The Dash for Gas: The Golden Age of an Energy Game-Changer
For a fresh perspective on geopolitical trends, look at the world through the lens of the natural gas trade. One of the reasons for Israeli unease with the Arab Spring is that the democratic uprising that took down Hosni Mubarak also brought interruptions in Israel’s supply of natural gas, much of which since 2008 has come from Egypt. Wondering about China’s new interest in Australia and Qatar? It’s about their abundant gas supplies and China’s tremendous energy needs. Desperate for signs of cooperation from North Korea? Check out reports that Kim Jong-il may agree to the construction of a natural gas pipeline that would link Russia, Pyongyang, and Seoul. From Asia to the Middle East to North America, a boom in natural gas usage is rearranging international connections, with major repercussions for global politics.
Energy consumers see that natural gas is relatively inexpensive, provided it can be transported efficiently, and abundant, especially if it can be harvested from shale rock and other unconventional deposits. The International Energy Agency (IEA) predicts that over the next twenty-five years gas will be the fastest-growing energy source, overtaking coal as soon as 2030. Around the world, natural gas is fast becoming the fuel of choice for electric power generation, especially with nuclear losing its appeal in the aftermath of the Fukushima disaster. Energy experts predict gas could even displace oil in the transportation sector, as car and truck engines are redesigned. The trend has so impressed IEA analysts that the agency in 2011 boldly predicted that the world is entering “a golden age of gas.”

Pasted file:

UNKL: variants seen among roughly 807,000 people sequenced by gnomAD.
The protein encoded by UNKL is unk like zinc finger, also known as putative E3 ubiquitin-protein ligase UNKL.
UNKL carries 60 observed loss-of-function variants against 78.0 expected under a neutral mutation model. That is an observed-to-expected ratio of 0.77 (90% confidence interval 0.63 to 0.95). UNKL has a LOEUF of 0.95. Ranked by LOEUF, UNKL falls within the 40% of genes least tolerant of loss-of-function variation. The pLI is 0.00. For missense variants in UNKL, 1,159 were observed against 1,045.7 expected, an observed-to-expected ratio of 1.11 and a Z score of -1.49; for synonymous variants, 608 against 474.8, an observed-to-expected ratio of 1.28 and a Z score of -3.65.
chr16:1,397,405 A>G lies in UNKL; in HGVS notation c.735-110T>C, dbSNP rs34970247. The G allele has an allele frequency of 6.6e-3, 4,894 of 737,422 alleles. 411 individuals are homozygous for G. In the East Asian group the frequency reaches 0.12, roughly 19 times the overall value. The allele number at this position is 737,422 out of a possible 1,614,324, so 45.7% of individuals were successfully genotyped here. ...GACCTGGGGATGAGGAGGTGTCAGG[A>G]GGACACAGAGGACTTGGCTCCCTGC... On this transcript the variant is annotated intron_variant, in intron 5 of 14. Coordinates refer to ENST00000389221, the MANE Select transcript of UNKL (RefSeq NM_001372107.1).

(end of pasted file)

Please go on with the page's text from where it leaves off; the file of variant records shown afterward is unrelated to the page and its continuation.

The implications are significant. Because gas is somewhat cleaner than other fossil fuels, its rise as a fuel source should have environmental benefits. Because it is cheaper than oil, its increased use would lower energy costs and bring energy to millions of people who lack access to it now. But among the most striking consequences of a dramatic growth in natural gas consumption would be its effect on international relations. The energy trade is an important determinant of the global balance of power, and the shift to natural gas will introduce a new set of winners and losers, bringing greater independence to many countries and reducing the energy leverage that oil producers have traditionally enjoyed. After chairing an advisory panel on the subject for the Department of Energy, former CIA director John Deutch concluded that the prospective geopolitical shifts amount to no less than “a natural gas revolution” in global affairs.